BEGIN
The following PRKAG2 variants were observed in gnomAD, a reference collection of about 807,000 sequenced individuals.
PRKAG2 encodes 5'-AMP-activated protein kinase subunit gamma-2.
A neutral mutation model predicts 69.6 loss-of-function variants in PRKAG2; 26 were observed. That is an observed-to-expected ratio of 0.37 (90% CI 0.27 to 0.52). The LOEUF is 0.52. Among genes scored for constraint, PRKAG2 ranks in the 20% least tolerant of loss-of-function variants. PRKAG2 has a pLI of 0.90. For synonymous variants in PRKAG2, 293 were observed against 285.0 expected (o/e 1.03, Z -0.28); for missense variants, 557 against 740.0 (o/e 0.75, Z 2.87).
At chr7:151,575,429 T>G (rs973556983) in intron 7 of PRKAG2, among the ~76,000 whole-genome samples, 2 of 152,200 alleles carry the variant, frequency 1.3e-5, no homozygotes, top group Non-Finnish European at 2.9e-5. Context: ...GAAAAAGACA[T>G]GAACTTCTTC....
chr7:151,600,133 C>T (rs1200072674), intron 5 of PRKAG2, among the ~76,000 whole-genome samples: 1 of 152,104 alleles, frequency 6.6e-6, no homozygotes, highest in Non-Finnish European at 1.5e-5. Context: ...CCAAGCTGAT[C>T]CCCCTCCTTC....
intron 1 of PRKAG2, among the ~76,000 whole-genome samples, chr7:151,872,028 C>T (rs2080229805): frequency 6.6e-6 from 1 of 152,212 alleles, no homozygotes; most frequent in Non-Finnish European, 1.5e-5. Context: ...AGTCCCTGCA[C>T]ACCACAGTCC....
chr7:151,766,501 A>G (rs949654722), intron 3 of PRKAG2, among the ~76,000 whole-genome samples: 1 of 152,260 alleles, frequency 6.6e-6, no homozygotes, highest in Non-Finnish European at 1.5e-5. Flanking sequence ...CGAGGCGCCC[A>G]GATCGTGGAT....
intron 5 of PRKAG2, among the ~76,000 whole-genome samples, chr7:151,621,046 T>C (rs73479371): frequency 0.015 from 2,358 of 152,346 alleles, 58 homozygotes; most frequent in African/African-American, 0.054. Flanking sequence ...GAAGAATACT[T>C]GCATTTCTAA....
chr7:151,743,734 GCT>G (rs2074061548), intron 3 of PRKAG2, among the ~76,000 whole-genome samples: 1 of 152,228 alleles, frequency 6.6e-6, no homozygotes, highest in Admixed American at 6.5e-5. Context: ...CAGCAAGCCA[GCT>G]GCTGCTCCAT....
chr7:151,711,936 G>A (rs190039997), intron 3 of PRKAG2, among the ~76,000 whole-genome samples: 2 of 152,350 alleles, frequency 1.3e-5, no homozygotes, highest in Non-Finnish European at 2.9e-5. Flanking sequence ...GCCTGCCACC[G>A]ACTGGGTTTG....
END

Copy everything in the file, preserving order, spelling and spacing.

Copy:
The following PRKAG2 variants were observed in gnomAD, a reference collection of about 807,000 sequenced individuals.
PRKAG2 encodes 5'-AMP-activated protein kinase subunit gamma-2.
A neutral mutation model predicts 69.6 loss-of-function variants in PRKAG2; 26 were observed. That is an observed-to-expected ratio of 0.37 (90% CI 0.27 to 0.52). The LOEUF is 0.52. Among genes scored for constraint, PRKAG2 ranks in the 20% least tolerant of loss-of-function variants. PRKAG2 has a pLI of 0.90. For synonymous variants in PRKAG2, 293 were observed against 285.0 expected (o/e 1.03, Z -0.28); for missense variants, 557 against 740.0 (o/e 0.75, Z 2.87).
At chr7:151,575,429 T>G (rs973556983) in intron 7 of PRKAG2, among the ~76,000 whole-genome samples, 2 of 152,200 alleles carry the variant, frequency 1.3e-5, no homozygotes, top group Non-Finnish European at 2.9e-5. Context: ...GAAAAAGACA[T>G]GAACTTCTTC....
chr7:151,600,133 C>T (rs1200072674), intron 5 of PRKAG2, among the ~76,000 whole-genome samples: 1 of 152,104 alleles, frequency 6.6e-6, no homozygotes, highest in Non-Finnish European at 1.5e-5. Context: ...CCAAGCTGAT[C>T]CCCCTCCTTC....
intron 1 of PRKAG2, among the ~76,000 whole-genome samples, chr7:151,872,028 C>T (rs2080229805): frequency 6.6e-6 from 1 of 152,212 alleles, no homozygotes; most frequent in Non-Finnish European, 1.5e-5. Context: ...AGTCCCTGCA[C>T]ACCACAGTCC....
chr7:151,766,501 A>G (rs949654722), intron 3 of PRKAG2, among the ~76,000 whole-genome samples: 1 of 152,260 alleles, frequency 6.6e-6, no homozygotes, highest in Non-Finnish European at 1.5e-5. Flanking sequence ...CGAGGCGCCC[A>G]GATCGTGGAT....
intron 5 of PRKAG2, among the ~76,000 whole-genome samples, chr7:151,621,046 T>C (rs73479371): frequency 0.015 from 2,358 of 152,346 alleles, 58 homozygotes; most frequent in African/African-American, 0.054. Flanking sequence ...GAAGAATACT[T>C]GCATTTCTAA....
chr7:151,743,734 GCT>G (rs2074061548), intron 3 of PRKAG2, among the ~76,000 whole-genome samples: 1 of 152,228 alleles, frequency 6.6e-6, no homozygotes, highest in Admixed American at 6.5e-5. Context: ...CAGCAAGCCA[GCT>G]GCTGCTCCAT....
chr7:151,711,936 G>A (rs190039997), intron 3 of PRKAG2, among the ~76,000 whole-genome samples: 2 of 152,350 alleles, frequency 1.3e-5, no homozygotes, highest in Non-Finnish European at 2.9e-5. Flanking sequence ...GCCTGCCACC[G>A]ACTGGGTTTG....